Subject: Re: $500,000 Home Sale Exclusion Date: 5/2/2004 9:44 PM
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Is there something I am missing?

Aside from the "smell test" that Phil mentioned, I see one other major problem. (And I'll chime in that this smells pretty bad.)

You basically have to trust the other party to sell back to you down the road. If you put such an agreement in writing where is it really enforcable (like recording it with your county recorder), you'll probably also be documenting that the transaction is a sham designed to avoid taxation. That would not be a good thing.

Without such an agreement, many things could happen. Worst case, they could die and the heirs, not willing to honor some handshake agreement that they are not party to, sell your house out from under you. They could suffer a financial reversal and be unable to purchase their residence back from you. They could be involved in some accident that caused them to suffer a large liability beyond that covered by insurance, again putting your home at risk of sale.

--Peter <== remembering the old saying "pigs get fed, hogs get slaughtered"

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Author: vkg Big gold star, 5000 posts Old School Fool Add to my Favorite Fools Ignore this person (you won't see their posts anymore) Number: 71707 of 121335
Subject: Re: $500,000 Home Sale Exclusion Date: 5/3/2004 9:59 AM
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Other taxes:
In California, it would reset your tax base. Increasing real estate taxes starting at $5,000 a year.

State income tax? Federal allows the exemption, but does your state?

Others have previous listed other issues with mixing your finances with neighbors or family.

Debra

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Author: gurdison Big gold star, 5000 posts Old School Fool Add to my Favorite Fools Ignore this person (you won't see their posts anymore) Number: 71713 of 121335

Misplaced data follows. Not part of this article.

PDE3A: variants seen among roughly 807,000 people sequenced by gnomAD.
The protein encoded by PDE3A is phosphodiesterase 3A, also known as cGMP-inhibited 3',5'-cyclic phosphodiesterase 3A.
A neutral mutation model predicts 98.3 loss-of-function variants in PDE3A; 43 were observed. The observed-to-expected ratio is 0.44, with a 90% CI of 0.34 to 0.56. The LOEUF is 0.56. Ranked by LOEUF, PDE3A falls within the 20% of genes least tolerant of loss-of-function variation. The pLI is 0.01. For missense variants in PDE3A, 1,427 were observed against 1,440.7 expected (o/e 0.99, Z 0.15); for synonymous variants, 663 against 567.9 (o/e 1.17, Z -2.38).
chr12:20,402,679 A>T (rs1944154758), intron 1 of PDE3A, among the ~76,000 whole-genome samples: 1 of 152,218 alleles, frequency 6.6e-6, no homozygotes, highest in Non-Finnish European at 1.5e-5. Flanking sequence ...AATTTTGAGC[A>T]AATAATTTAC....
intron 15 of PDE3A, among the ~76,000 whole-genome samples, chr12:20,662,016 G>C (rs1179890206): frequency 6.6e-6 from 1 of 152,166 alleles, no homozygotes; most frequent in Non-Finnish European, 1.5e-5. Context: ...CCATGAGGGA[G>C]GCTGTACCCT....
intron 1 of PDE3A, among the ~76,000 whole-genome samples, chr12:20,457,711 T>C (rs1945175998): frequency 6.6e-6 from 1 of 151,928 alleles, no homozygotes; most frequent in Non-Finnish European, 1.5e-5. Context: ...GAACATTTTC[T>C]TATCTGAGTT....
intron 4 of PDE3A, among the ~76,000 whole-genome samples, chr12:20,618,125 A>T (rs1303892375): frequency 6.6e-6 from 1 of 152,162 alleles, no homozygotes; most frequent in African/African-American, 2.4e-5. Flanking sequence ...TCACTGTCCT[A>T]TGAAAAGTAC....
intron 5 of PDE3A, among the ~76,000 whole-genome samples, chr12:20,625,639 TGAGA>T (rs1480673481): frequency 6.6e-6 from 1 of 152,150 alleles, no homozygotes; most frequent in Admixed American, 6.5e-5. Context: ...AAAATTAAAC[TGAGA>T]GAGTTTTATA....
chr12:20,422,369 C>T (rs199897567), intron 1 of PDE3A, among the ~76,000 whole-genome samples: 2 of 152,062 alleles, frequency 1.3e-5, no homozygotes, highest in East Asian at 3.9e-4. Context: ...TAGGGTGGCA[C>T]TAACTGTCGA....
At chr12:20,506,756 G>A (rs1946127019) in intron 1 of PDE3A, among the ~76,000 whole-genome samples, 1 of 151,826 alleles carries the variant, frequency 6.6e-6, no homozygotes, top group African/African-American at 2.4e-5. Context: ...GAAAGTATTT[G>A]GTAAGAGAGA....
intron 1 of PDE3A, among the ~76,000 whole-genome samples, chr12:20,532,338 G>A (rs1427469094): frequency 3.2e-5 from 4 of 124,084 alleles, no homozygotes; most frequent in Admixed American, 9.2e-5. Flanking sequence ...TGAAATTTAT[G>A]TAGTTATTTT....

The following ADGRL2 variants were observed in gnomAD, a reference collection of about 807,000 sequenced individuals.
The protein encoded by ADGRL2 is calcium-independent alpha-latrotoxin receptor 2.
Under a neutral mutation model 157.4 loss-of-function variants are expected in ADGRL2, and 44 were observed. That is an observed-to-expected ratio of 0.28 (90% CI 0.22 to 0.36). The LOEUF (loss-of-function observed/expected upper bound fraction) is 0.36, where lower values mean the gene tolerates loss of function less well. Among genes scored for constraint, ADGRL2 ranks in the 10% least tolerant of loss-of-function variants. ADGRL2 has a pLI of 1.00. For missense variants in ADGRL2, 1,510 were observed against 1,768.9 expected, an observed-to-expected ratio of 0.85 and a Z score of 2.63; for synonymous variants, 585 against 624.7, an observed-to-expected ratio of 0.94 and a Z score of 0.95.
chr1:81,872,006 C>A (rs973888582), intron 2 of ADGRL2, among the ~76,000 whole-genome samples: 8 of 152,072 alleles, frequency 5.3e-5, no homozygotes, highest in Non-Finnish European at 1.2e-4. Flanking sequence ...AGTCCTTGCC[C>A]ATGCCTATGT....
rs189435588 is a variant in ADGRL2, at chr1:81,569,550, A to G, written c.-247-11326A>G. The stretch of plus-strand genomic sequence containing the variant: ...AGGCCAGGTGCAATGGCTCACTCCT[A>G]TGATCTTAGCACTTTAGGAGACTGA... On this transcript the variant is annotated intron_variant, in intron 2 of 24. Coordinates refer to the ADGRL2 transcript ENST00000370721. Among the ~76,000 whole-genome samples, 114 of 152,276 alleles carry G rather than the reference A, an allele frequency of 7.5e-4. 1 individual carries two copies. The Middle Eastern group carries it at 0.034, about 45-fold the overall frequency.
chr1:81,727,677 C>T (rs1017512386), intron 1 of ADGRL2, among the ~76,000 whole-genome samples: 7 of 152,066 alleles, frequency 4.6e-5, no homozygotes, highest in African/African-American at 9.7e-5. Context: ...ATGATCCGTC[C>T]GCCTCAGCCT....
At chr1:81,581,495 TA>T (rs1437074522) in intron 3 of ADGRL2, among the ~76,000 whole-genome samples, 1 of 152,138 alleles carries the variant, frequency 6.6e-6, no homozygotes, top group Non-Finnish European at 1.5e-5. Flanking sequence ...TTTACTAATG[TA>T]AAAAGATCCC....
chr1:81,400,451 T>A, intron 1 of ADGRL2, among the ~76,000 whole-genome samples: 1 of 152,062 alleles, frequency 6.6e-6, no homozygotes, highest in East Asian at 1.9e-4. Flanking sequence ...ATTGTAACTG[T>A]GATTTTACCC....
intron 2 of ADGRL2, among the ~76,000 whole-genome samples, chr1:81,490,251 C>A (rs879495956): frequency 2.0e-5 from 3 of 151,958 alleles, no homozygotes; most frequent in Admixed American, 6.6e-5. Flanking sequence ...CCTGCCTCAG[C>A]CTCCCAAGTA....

Subject: Re: $500,000 Home Sale Exclusion Date: 5/3/2004 4:27 PM
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<army tank driver drives his tank into your house>


Or if you live in Long Island there is always the danger of Billy Joel driving into your house.


http://abclocal.go.com/wls/news/print_042604_ap_en_billyjoel.html



B

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Author: vandolsen One star, 50 posts Add to my Favorite Fools Ignore this person (you won't see their posts anymore) Number: 71753 of 121335
Subject: Re: $500,000 Home Sale Exclusion Date: 5/6/2004 1:45 PM
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Other taxes:
In California, it would reset your tax base. Increasing real estate taxes starting at $5,000 a year.

State income tax? Federal allows the exemption, but does your state?


Had a related conversation with my tax guy a few weeks back. California follows the Fed on this one.

Nice theoretical argument, but I would not go there for all of the reasons cited in the thread.


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Author: Anon103 Add to my Favorite Fools Ignore this person (you won't see their posts anymore) Number: 71759 of 121335
Subject: Re: $500,000 Home Sale Exclusion Date: 5/6/2004 4:45 PM
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My understanding is that the house on which you get the exclusion must be your prinmary residence. If you are renting it to someone else, it is no longer your primary residence, so you will not qualify for the exclusion. Instead of trying to beat the system, why not just sell your house, buy a new one, live in it for two years, and repeat that legitimate process....

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Author: SirTas Big gold star, 5000 posts Old School Fool CAPS All Star Add to my Favorite Fools Ignore this person (you won't see their posts anymore) Number: 71762 of 121335
Subject: Re: $500,000 Home Sale Exclusion Date: 5/6/2004 11:56 PM
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My understanding is that the house on which you get the exclusion must be your prinmary residence. If you are renting it to someone else, it is no longer your primary residence, so you will not qualify for the exclusion.

Not exactly. The house on which you get the exclusion must be your primary residence for two years during the previous five years. (It doesn't have to be your primary residence at the time you sell it--you could have been renting it out at that point.)

From the FAQ for this board:

Restrictions
Like virtually all other tax laws, there are some restrictions. This exclusion has a detailed set of rules that must be followed to qualify for the exclusion. Besides the $250,000/$500,000 dollar limitation noted above, the seller must have owned and used the home as his or her principal residence for at least two years out of the five years before the sale. And, while the two years don't have to be consecutive, in most cases you can only take advantage of this gain exclusion provision once during a two-year period.


--SirTas